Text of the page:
Adverse Childhood Experiences (ACEs) (2024)

When a person experiences strong, frequent, or prolonged adversity such as physical or emotional abuse, chronic neglect, caregiver substance abuse or mental illness, exposure to violence, or the accumulated burdens of family economic hardship, it can have profound negative effects on the mind and body. The stress response to these events has been known to disrupt the development of brain architecture as well as other bodily systems — neuroendocrine, immune, metabolic, and genetic — leading to what is considered toxic levels of stress.

Toxic stress experienced in early childhood (ages 0 – 17 years) — referred to as adverse childhood experiences or ACEs — has been linked to chronic health problems, mental illness, and substance abuse as that child grows to become an adult. ACEs can also negatively impact education and job opportunities. And more recent studies have highlighted how a history of community-level trauma and violence has profound impacts on health in schools.

Health and learning impacts of ACEs

Kaiser Permanente, together with the CDC, conducted the original study on adverse childhood experiences to uncover that:

  • ACEs are common. Approximately two-thirds of Americans have experienced at least one ACE and one in six have experienced four or more ACEs.
  • Experiencing ACEs increases the risk of negative health outcomes later in life, including obesity, diabetes, depression, heart disease, cancer, stroke.
  • ACEs can affect student learning and behavior in the classroom. Children with three or more ACEs are 5x more likely to have attendance issues, 6x times more likely to have behavior problems, and 3x times more likely to experience academic failure.

Toxic stress and ACEs are an under-recognized and under-addressed reason that many individuals are unable to achieve their full potential. This impacts them in the classroom, in the clinic, in their relationships, and beyond.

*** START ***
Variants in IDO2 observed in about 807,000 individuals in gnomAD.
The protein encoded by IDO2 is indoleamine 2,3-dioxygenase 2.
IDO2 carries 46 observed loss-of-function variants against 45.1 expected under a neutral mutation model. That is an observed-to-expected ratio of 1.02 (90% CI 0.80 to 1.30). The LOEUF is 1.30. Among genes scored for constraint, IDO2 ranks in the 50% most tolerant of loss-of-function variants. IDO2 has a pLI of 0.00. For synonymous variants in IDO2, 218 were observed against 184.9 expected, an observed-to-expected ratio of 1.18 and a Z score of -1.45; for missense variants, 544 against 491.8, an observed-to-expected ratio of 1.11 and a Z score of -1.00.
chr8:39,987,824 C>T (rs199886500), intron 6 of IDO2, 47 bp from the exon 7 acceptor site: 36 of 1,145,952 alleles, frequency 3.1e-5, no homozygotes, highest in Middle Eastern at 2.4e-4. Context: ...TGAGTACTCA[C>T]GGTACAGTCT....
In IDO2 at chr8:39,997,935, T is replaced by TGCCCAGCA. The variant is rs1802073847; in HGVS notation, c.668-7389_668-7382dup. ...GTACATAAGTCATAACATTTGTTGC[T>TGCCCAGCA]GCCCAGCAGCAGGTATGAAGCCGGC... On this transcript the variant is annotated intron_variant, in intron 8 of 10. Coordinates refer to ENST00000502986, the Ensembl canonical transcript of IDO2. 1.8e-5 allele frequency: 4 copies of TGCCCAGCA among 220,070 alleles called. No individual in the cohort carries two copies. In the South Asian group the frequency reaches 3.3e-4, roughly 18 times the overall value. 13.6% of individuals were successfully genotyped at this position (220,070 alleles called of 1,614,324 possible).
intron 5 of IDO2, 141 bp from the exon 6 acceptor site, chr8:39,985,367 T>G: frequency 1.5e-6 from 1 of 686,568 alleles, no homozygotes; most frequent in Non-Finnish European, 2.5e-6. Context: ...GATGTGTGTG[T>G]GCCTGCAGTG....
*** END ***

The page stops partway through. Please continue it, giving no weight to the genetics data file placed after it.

Trauma-informed care in schools

Given just how common childhood adversity and toxic stress are, it’s important that schools develop universal trauma-informed principles in their educational spaces and structures to reduce overall exposure to adversity and enhance resilience for both children and adults. All school personnel can be trained to understand “disruptive” behaviors and school difficulties as possible symptoms of toxic stress and to respond with compassionate, protective interventions rather than punitive actions. Partnerships between pediatric providers and educators can promote shared goal setting, decision making, more optimal treatment, and closer follow-up of those students who are struggling from the effects of toxic stress. Strategies for regulating toxic stress physiology include promoting optimal sleep hygiene, anti-inflammatory nutrition, physical exercise, mindfulness practices, experiencing nature, and supportive relationships.

Resources

VideoAdverse Childhood Experiences (ACEs): Impact on brain, body and behavior (IHDCYH Talks)This short animated video talks about how Adverse Childhood Experiences (ACEs) impact lifelong development.
VideoHow childhood trauma affects health across a lifetime (Nadine Burke Harris)Childhood trauma isn’t something you just get over as you grow up. Pediatrician Nadine Burke Harris explains that the repeated stress of abuse, neglect, and parents struggling with mental health or substance abuse issues has real, tangible effects on the development of the brain.
Research and ReportsPrevalence of Adverse Childhood Experiences From the 2011-2014 Behavioral Risk Factor Surveillance System in 23 StatesThis study examines disparities in exposure to adverse childhood expereinces (ACEs) among demographic groups including race, ethnicity, household income, sexual identity, education, and employment status.
Research and ReportsAbout the CDC-Kaiser ACE StudyThe CDC-Kaiser Permanente Adverse Childhood Experiences (ACE) Study is one of the largest investigations of childhood abuse, neglect, and household challenges that impact later-life health and well-being.
Research and ReportsAdvancing Comprehensive School Mental Health SystemsThe National Center for School Mental Health authored a report on Advancing Comprehensive School Mental Health Systems: Guidance from the Field.
ToolkitAddressing Race and Trauma in the ClassroomThis resource helps educators understand how they might address the interplay of race and trauma and its effects on students in the classroom. It includes recommendations for educators and offers a list of supplemental resources that they can use within their school and district frameworks.

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Adverse Childhood Experiences (ACEs) (2024)
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